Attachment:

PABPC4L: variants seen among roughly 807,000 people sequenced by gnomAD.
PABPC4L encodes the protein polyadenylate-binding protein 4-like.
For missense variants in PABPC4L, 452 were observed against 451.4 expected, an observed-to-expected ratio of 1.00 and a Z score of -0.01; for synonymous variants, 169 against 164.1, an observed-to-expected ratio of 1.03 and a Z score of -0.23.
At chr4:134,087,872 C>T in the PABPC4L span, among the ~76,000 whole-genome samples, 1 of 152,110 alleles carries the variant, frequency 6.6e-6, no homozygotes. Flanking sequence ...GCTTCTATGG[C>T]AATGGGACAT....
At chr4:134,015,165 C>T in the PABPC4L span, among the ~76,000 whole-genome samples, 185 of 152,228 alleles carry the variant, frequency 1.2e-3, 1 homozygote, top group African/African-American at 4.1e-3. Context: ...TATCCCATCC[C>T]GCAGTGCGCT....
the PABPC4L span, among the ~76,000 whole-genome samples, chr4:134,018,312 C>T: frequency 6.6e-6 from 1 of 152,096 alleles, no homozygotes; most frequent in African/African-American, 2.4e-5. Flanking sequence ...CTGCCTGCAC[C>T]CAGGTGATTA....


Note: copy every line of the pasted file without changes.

PABPC4L: variants seen among roughly 807,000 people sequenced by gnomAD.
PABPC4L encodes the protein polyadenylate-binding protein 4-like.
For missense variants in PABPC4L, 452 were observed against 451.4 expected, an observed-to-expected ratio of 1.00 and a Z score of -0.01; for synonymous variants, 169 against 164.1, an observed-to-expected ratio of 1.03 and a Z score of -0.23.
At chr4:134,087,872 C>T in the PABPC4L span, among the ~76,000 whole-genome samples, 1 of 152,110 alleles carries the variant, frequency 6.6e-6, no homozygotes. Flanking sequence ...GCTTCTATGG[C>T]AATGGGACAT....
At chr4:134,015,165 C>T in the PABPC4L span, among the ~76,000 whole-genome samples, 185 of 152,228 alleles carry the variant, frequency 1.2e-3, 1 homozygote, top group African/African-American at 4.1e-3. Context: ...TATCCCATCC[C>T]GCAGTGCGCT....
the PABPC4L span, among the ~76,000 whole-genome samples, chr4:134,018,312 C>T: frequency 6.6e-6 from 1 of 152,096 alleles, no homozygotes; most frequent in African/African-American, 2.4e-5. Flanking sequence ...CTGCCTGCAC[C>T]CAGGTGATTA....